Fungal infections - don't let them spoil the fun!

The word fungus sounds gross and unpleasant to most of us. What is more, we may feel embarrassed talking about it, as we wrongly associate it with the lack of hygiene. In fact, it is very useful for a traveler to know about it, since, on our way to the place of our dreamlike vacation, we will have to visit many of other more prosaic places, like airports, hotels and bus stations. As it turns out, fungi are everywhere -- in the air, dust and soil. Logically, if you do not want them to spoil the fun, learn how to fight them.

Skin rashes do not get the infamy they deserve. As a rule, travelers possess much more information about malaria and tuberculosis, and what we feel towards them is not only respect, it is a kind of awe. However, why should we bother ourselves thinking of such minor 'danger' as fungus?

Unfortunately (or perhaps it is fortunately), you are much more likely to catch a minor, annoying parasite, a rash, or an infection than you are to encounter one of the really bad boys of the disease world. Fungal infections are some of the most common skin problems travelers will encounter. Fungal infections can occur anywhere, not only in the tropics or high school locker rooms. Fungi tend to thrive in warm, moist environments, and many strains do exceptionally well on a human skin. The rash will appear to be a pale area, surrounded by a slightly puffy, reddish border.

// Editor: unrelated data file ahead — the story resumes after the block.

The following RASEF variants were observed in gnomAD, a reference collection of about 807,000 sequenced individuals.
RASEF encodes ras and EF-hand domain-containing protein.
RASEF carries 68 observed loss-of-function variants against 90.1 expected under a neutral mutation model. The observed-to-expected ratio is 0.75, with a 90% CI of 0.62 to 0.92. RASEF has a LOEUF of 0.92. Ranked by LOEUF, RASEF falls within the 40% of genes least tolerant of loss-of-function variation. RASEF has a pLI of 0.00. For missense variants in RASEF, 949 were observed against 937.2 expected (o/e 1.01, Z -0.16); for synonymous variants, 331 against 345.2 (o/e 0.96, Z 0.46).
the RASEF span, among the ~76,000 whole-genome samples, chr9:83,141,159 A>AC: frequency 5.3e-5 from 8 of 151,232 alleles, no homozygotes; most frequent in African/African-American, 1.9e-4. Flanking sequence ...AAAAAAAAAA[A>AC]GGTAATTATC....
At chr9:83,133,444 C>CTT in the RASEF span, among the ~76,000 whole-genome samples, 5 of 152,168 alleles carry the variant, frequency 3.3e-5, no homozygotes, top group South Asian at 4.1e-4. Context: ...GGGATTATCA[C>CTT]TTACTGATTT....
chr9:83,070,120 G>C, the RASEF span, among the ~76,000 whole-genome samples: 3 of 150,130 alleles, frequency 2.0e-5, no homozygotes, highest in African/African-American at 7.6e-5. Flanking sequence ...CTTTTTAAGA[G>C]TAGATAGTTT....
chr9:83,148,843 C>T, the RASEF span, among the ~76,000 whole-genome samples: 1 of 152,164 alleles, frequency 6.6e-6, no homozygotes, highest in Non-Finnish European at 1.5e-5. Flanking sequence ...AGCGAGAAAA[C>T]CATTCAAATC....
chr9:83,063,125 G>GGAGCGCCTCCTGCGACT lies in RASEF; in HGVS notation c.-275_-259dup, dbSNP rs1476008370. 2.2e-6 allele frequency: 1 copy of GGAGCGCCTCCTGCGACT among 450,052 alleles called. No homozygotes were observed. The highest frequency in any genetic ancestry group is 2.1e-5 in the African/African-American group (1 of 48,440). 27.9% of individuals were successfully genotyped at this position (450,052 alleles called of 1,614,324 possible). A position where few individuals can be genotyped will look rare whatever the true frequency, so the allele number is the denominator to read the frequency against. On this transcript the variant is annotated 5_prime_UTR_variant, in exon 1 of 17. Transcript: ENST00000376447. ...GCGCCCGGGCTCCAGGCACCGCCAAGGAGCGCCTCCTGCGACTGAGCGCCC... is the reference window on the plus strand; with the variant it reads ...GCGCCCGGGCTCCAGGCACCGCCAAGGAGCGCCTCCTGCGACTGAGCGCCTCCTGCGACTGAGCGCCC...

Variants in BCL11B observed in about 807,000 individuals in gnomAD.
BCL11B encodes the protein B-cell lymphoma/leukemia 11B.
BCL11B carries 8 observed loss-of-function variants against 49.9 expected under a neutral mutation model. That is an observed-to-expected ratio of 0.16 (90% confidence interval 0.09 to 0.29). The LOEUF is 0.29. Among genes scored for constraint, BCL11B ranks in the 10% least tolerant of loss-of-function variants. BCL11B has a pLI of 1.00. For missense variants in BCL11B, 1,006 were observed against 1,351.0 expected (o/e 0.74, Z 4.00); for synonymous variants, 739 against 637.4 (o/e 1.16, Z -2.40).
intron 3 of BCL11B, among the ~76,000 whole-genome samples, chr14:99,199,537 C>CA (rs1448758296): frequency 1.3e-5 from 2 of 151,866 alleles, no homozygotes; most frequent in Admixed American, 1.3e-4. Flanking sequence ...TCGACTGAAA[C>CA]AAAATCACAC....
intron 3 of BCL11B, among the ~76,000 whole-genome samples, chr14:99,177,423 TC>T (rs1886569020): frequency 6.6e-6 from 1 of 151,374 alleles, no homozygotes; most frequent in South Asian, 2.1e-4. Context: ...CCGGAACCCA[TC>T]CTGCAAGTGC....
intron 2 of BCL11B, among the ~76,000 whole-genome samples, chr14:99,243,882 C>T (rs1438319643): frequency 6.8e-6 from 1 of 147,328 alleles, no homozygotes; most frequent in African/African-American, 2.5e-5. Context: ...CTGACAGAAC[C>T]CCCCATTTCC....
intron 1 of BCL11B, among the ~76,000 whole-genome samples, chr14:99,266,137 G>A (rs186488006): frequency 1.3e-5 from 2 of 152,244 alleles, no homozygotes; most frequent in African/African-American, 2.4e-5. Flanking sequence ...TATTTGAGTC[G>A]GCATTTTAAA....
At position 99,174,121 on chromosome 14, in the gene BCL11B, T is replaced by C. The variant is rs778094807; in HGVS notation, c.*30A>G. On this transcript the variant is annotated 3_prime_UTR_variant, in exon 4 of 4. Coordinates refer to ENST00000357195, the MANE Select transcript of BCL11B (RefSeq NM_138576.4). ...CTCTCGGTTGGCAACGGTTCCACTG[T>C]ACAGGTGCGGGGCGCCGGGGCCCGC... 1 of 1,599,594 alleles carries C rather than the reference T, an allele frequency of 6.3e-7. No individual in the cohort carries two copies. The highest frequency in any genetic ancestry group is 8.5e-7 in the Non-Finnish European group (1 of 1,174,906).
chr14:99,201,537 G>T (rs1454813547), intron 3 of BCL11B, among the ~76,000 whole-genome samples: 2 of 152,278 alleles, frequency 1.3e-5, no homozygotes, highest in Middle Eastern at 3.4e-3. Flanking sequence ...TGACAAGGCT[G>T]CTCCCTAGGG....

There are several kinds of fungal infections. Tinea is a type of fungal infection of the hair, skin, or nails. When it is on the skin, tinea usually begins as a small, the size of a pea, red area. As it grows, it spreads out in a circle or ring. Tinea is often called ringworm because it may look like tiny worms are under the skin (but certainly, they are not!). Since the fungi that cause tinea (ringworm) lives on different parts of the body, they are named for the part of the body they infect. Scalp ringworm is found on the head, and body ringworm affects the arms, legs, or chest.

Athlete's foot (foot fungal) is another type of fungal infection that usually appears between the toes, it can also affect toenails and the bottom or sides of the feet.  Fungal nail infections are most often seen on adults. They often follow fungal infection of the feet. Fungal nail infections may be difficult to treat and may often recur. Toenails are affected more often than fingernails. People, who are frequent visitors of public swimming pools, gyms or shower rooms -- and people, who perspire a great deal -- commonly have mold-like infections, since the fungi that cause them thrive in warm, moist areas. The risk of getting a fungal infection is increased by closed-in footwear, a prolonged moist skin, and minor skin or nail injuries.

Jock itch is a fungal infection of the groin and upper thighs. You might think only men and boys have it, however, girls and women can also get it.

As for a fungal treatment, it is much easier than it may seem to you, when you are running around and cannot stand or sit still due to the itching.  The solution to cure up fungal infections is fairly straightforward. A clotrimazole preparation (brand name is Lotrimin in the U.S.) should be applied several times a day after washing. Avoid scratching the rash, since bacteria do quite well in the already-compromised area of a fungal infection. A bacterial infection is an altogether nastier situation, requiring antibiotics.  The difficulty in treating foot fungal is that concentrating the drug into the heavy keratin of the toe-nail takes a while. A tablet disperses into the whole body via the arterial blood supply and toe-nails have little on the way of this sort of supply. Thus, the length of treatment is very important here.

Before treating fungal nails, be sure you really have them. If you do, you should no longer let them spoil your life.

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